Moms Offer Sober Reality Check on Multiple Births
The children from left are, Layne, Drayden, Kieran, Irelyn and Landyn. Ferrill and other parents of multiples say they would advise the California mother of 14 that donations that seem plentiful now will taper off after the first year. (AP Photo/Robin Sch
Carla K. Johnson / AP
February 15, 2009
CHICAGO – Nadya Suleman’s daunting future of raising octuplets into adulthood may best be understood by the exhausted but proud parents of other multiples and the researchers who study them.
And if there’s anyone who could give Suleman some frank advice, it’s a mom with five toddlers.
“There’s a lot of hype for the first few months and everybody is interested in how you’re doing, but the newness wears off after the first year,” said Jenny Ferrill, 31, of Danville, Ill. She and her husband, Pete, 35, are raising 2-year-old quintuplets. Four of the five children have lifelong medical problems and the Ferrills are falling behind paying bills.
She and other parents of multiples say they would advise the California mother of 14 that donations that seem plentiful now will taper off after the first year. Somehow free formula and diapers never morph into free shoes or forgiven medical bills. Requests for TV interviews dwindle. Offers to baby-sit, if they ever existed, vanish.
Next can come financial stress, emotional strain and marital struggles — although Suleman is single.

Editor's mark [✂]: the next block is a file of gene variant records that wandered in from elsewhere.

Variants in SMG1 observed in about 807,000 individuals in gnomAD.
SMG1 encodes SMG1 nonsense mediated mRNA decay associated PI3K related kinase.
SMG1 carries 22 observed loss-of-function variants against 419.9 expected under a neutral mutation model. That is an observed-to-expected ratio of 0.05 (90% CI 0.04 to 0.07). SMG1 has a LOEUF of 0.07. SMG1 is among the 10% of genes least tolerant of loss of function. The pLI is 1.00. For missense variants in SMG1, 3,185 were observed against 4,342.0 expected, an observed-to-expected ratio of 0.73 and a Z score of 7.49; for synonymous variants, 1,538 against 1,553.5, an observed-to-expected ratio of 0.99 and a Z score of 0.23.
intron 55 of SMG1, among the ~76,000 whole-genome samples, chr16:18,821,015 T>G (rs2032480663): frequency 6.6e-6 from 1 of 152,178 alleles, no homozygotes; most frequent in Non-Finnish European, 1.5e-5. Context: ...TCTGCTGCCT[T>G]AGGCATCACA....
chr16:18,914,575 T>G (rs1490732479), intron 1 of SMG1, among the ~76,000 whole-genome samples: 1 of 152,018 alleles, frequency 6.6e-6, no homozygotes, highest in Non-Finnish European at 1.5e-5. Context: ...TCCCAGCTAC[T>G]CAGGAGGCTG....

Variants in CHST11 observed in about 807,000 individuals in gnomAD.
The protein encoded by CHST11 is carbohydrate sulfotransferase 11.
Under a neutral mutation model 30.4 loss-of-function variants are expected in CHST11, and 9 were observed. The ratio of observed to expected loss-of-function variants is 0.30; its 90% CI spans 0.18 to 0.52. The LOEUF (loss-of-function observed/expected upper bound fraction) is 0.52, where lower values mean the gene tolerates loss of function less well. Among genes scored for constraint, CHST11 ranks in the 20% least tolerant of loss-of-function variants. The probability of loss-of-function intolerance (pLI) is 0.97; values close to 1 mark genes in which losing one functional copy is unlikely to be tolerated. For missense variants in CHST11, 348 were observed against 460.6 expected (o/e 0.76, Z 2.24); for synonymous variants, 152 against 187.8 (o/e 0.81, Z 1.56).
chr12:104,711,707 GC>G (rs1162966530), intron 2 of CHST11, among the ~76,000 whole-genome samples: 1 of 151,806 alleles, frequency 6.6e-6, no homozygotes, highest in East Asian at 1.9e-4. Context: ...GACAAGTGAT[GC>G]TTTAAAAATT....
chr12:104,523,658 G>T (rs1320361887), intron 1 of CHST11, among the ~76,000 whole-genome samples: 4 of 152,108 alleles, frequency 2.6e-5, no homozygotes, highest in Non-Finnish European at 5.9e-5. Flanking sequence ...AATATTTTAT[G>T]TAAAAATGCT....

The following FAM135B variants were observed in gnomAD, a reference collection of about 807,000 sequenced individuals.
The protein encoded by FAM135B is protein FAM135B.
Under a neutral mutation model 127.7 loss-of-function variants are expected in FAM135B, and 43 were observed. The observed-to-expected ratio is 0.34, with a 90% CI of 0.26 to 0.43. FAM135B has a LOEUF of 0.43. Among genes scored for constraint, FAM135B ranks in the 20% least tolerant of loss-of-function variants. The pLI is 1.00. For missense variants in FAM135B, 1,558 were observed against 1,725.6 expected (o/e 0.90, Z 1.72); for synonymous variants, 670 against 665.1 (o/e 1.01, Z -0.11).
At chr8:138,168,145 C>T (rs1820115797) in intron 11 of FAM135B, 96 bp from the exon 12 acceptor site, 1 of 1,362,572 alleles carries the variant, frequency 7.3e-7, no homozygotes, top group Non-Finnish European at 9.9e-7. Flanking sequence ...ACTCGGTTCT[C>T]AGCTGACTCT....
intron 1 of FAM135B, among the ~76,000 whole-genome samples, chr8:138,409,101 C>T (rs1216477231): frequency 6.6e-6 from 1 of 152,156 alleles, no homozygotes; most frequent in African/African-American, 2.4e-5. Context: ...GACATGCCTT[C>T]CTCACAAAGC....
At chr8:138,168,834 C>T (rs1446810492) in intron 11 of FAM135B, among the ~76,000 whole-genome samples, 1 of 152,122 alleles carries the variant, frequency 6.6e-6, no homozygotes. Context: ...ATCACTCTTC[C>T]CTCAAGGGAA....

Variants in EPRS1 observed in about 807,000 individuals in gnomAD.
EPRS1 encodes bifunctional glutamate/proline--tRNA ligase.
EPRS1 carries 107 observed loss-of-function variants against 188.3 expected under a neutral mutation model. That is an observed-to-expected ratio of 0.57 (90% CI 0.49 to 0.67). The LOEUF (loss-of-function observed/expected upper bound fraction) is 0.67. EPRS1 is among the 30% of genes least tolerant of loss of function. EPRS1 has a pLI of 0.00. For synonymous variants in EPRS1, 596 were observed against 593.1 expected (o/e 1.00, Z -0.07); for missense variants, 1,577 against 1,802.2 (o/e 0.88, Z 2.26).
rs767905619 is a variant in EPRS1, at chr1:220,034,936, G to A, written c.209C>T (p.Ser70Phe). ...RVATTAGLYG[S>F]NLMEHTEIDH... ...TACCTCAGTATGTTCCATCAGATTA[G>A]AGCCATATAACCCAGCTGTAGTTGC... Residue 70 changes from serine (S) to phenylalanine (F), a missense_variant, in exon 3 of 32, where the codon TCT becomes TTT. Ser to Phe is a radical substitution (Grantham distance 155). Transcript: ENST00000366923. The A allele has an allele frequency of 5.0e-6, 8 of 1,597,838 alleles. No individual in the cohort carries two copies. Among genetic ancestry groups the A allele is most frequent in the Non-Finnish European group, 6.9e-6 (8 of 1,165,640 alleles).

One German study of 54 families of multiples found that most were severely fatigued with worry about money problems, their children’s disabilities and chronic diseases. Nearly all the families relied on outsiders for help and financial support. Some felt guilty they had brought a burden on their families through fertility treatment.
A U.S. study of nearly 250 mothers found that for each additional multiple birth child — from twins to triplets, for example, or triplets to quadruplets — the odds of having trouble meeting basic material needs more than tripled. The odds of lower quality of life and increased social stigma more than doubled with each added child. And the risk of depression in the mothers also rose with each additional child.
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“Parents really underestimate the enormity of the burden of providing care for multiple birth children, and this increases with the number of children,” said study co-author Dr. Janet E. Hall, a professor of medicine at Harvard Medical School.
In focus groups conducted by the researchers, mothers who’d had fertility treatments described moral judgments from friends, and even strangers, telling them they had interfered with Mother Nature or God’s will.
These studies, among only a few on the topic, have led some experts to call for mental health screening or counseling for parents seeking treatment for infertility.